It's all in the ride planning: Part 1 - Bike Magic

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**How To

It’s all in the ride planning: Part 1

Gales, hammering rain squalls and two-feet deep puddles around most of the route aren’t the conditions you’d necessarily want on a day ride in the Dales. That’s exactly what faced us when we set out of the New Inn pub car park, Appletreewick at 10.30 the other Saturday morning though. Six and a half hours later we were drinking bottles of beer in the livery after one of the best rides we could remember.

We’ll admit that luck had played a part in us not still being out when it fell dark on Pockstones moor, but there was also some serious thinking involved to pull off a good ride at this time of year. But if a couple of Bikemagickers, a photographer, a German rucksack distributor, a seatpost maker and a cartoonist can manage it, you certainly can. For those wanting to follow the route it’s all on OS Explorer 26: Nidderdale (get the laminated version for this time of year).

So how do you put together a good group ride?

The first thing to get straight is that the route in itself is not the most important thing, it’s the suitability of the route that is key.

The riders
Grouse butts are useful shelter, but you’ll always get one Dogg who has to mark his territory

This means it needs to be suitable for all the riders in the group. Not only does the route have to be achievable by the slowest member of the group (with a decent emergency margin thrown in) but it also has to be enjoyable for them. Group rides aren’t fun if you’re always grovelling half a mile off the back only to find folk setting off as soon as you get there.

In weather like we had it’s also dangerous to have fit, skinny folk waiting at the top of hills for slower riders as core temperatures can drop very quickly. Polaris superhero John Houlihan might have been the one Santa Cruzing up the first hill with a heart beat 40 below everyone else, but it was him who suffered later when we were repairing punctures in a biting rain filled crosswind.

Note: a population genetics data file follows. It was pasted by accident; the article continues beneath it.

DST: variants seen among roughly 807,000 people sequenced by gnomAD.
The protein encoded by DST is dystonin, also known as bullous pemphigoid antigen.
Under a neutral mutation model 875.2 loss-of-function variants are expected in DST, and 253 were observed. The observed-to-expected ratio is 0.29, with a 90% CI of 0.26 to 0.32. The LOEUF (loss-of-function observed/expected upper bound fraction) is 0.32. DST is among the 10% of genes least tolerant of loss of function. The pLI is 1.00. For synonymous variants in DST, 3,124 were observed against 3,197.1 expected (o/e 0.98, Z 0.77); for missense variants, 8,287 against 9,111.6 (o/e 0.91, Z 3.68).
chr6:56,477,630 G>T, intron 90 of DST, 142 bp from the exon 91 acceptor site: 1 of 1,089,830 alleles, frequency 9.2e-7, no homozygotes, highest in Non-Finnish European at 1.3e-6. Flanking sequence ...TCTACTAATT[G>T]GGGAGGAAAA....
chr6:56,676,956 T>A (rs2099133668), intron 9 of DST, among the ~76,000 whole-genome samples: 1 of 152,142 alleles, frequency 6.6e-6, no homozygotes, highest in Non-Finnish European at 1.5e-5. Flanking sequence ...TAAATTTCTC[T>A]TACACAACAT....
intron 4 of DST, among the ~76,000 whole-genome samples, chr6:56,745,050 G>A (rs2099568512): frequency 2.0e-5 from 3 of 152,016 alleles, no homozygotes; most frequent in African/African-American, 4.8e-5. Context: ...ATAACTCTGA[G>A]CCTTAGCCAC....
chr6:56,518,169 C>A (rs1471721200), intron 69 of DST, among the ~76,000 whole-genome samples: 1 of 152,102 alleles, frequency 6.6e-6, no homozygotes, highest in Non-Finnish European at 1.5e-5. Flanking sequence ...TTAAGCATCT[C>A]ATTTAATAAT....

For this reason keep your group within a certain fitness range, and stick with it. If this means turning away people you know will slow you down too much for you to enjoy it, then that’s the way it has to be. You really are being cruel to be kind.

The weather

Start checking the weather in the ride area at least a week beforehand, to check whether the ground is likely to be sodden or good going. I knew that with the amount of rain we’d been having Nidderdale’s trails would be washed down to the rock, with just a few bottomless swamps becoming more bottomless than usual.

One section of our ride shows just how much difference ground conditions can have on your speed. We were averaging about 5kmh across the first swampy section of Braithwaite Moor, alternately riding and walking through bog and puddles. However, as soon as we hit the Land Rover track behind the grouse butts with the wind (and torrential rain) behind us we span out at 60kmh and still carried on accelerating!

In general the wetter it gets the more exposed stuff will be cleaner and better going than low lying fields and pasture, but experience should tell you which areas are rideable and which not. The only trouble is that these exposed bits will also still be getting the worst of any weather and wind. Therefore checking wind direction and strength on the forecast and locally before you set out is crucial. Be prepared to keep an eye on the weather too as you ride too, as valleys and hills can have dramatic effects on wind direction and weather ferocity.